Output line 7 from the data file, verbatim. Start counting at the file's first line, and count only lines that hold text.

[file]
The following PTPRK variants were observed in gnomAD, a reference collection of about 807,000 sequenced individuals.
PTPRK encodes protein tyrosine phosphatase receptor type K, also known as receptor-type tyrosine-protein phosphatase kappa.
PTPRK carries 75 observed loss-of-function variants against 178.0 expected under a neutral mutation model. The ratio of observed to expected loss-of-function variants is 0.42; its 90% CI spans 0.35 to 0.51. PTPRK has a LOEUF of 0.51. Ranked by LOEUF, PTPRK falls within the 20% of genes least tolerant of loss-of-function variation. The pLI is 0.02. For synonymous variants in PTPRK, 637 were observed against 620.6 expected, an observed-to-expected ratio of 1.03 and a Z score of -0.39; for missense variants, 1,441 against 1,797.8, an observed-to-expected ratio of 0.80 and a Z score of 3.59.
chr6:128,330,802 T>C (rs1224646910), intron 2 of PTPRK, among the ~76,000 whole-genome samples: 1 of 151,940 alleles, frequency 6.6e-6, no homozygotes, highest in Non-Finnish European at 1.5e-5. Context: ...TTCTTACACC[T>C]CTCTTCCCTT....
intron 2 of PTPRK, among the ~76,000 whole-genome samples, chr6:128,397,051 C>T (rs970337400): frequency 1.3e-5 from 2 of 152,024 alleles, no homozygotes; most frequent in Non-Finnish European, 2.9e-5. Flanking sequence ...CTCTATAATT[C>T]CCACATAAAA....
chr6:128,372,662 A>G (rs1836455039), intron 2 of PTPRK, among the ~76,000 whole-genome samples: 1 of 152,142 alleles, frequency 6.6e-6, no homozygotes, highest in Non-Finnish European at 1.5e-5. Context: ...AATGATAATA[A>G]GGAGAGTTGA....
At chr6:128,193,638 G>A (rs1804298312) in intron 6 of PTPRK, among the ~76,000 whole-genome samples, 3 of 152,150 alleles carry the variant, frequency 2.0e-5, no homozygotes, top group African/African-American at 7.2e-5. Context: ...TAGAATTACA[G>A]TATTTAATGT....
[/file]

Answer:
At chr6:128,193,638 G>A (rs1804298312) in intron 6 of PTPRK, among the ~76,000 whole-genome samples, 3 of 152,150 alleles carry the variant, frequency 2.0e-5, no homozygotes, top group African/African-American at 7.2e-5. Context: ...TAGAATTACA[G>A]TATTTAATGT....